I’ve been giving a lot of thought to obituaries lately. They frequently hold amazing insights — wistful, tragic, even witty.
“Hey listen to this,” my fiancé said as we pored over the paper at breakfast one Sunday. “This woman’s obit says she died peacefully at home after successfully beating mad cow disease, only to be eaten by a polar bear.”
“C’mon,” I said, “are you making this up?”
“It later says she extends gratitude to the Cancer Care Alliance and wants donations sent there in lieu of flowers,” he added.
“How cool is that? She must’ve written her own obit, don’t you think?” I said.
It dawned on me I’ve known people who penned their own obituaries. A renegade Oregon newspaperman made survivors smile when he included in his obituary that he turned down what most journalists wouldn’t reject, a prestigious Nieman Fellowship at Harvard University. It was easy to recognize the colorful curmudgeon in the details.
I read an obit recently that recommended casual attire for the memorial service. One suggested an acceptable celebration would include eating your own pint of Ben and Jerry’s ice cream or lighting fireworks in the deceased’s honor.
There are litanies of what survivors will miss or remember about the dead, including everything from their bad jokes and overalls to their chocolate chip banana bread and ability to recite old Seinfeld episodes from memory.
I especially liked the obituary that recounted how the guy danced on the table with his grandchildren at his 88th birthday party. That grabbed my attention a lot more than the fact that he climbed mountains on every continent.
Honoring someone’s memory often calls for a charitable contribution. One moving obit I read recently requested one honor the deceased by aiding someone without seeking recognition.
While it might sound like a morbid way to make a living, there are journalists who make a career out of writing obituaries and love doing it. Oftentimes, especially for famous people past their prime, obits are crafted well in advance and put on ice until needed. So what I’m going to suggest isn’t really all that extraordinary.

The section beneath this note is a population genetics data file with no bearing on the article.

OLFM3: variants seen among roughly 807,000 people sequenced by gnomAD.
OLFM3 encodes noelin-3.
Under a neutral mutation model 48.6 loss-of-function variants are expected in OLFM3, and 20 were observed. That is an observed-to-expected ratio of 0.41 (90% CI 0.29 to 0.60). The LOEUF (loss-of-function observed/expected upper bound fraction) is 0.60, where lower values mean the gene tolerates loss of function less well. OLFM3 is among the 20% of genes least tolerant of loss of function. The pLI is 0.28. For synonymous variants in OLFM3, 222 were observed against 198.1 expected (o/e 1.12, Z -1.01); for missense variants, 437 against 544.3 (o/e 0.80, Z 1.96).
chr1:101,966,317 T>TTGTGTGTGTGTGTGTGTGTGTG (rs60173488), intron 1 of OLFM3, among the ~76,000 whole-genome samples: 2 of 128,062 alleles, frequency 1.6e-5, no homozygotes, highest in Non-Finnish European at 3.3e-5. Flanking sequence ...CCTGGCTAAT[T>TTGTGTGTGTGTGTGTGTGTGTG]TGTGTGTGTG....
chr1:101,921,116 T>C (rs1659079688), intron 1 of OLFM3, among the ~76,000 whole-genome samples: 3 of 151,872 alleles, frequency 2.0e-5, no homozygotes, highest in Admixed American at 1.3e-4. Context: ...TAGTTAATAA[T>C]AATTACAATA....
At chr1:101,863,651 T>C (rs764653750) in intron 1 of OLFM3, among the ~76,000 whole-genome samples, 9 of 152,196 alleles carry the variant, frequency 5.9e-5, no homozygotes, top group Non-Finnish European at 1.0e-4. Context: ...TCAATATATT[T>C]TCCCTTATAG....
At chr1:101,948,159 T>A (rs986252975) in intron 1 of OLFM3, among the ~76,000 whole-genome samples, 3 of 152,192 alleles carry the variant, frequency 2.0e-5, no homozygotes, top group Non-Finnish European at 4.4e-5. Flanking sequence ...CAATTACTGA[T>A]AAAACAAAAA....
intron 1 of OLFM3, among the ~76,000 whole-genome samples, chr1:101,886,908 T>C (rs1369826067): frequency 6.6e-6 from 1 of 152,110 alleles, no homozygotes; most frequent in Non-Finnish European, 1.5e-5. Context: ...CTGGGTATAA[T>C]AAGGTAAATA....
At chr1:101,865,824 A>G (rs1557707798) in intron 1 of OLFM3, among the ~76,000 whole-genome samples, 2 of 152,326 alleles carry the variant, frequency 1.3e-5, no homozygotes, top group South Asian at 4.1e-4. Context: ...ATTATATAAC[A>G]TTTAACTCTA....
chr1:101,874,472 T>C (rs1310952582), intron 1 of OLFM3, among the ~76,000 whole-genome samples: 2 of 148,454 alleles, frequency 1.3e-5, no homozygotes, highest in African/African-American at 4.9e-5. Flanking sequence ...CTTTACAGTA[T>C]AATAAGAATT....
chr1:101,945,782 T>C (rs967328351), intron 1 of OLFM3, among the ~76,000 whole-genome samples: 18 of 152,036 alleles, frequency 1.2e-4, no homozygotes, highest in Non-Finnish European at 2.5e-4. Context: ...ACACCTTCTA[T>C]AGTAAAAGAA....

How about writing your own obituary? It’ll be your death, so you can say most anything short of blatantly defaming someone. Otherwise, you have free rein.
You can make up the way you died like that woman who claimed she thwarted mad cow disease and later became a polar bear’s dinner. You can display religious fervor even if you haven’t had any since grade school. Hey, this is your life flashing before you, so make it a juicy read. Get it all down and don’t forget your survivors. Have another set of eyes — preferably somebody who knows you better than the kid at the fast-food drive-through window — read your first draft and suggest what you may have forgotten to include. That way somebody else knows you actually completed this exercise.
You might decide this is a stellar reason to throw a party where everybody sits around and reads their obits while they sip spiked punch and eat chips and dip. And if you have one of those Eureka, what-did-I-miss moments when you read your obit aloud? Maybe this is a good opportunity to make a few life changes in the time you have left on the planet.
Annie Culver developed a knack for unearthing oddball characters and improbable events as a staff writer for various newspapers. In the early ‘90s, she worked for websites where she wrote sassy essays for women readers. More recently, she morphed into a writer for several universities in the Northwest. She retired this year, yet still enjoys freelancing.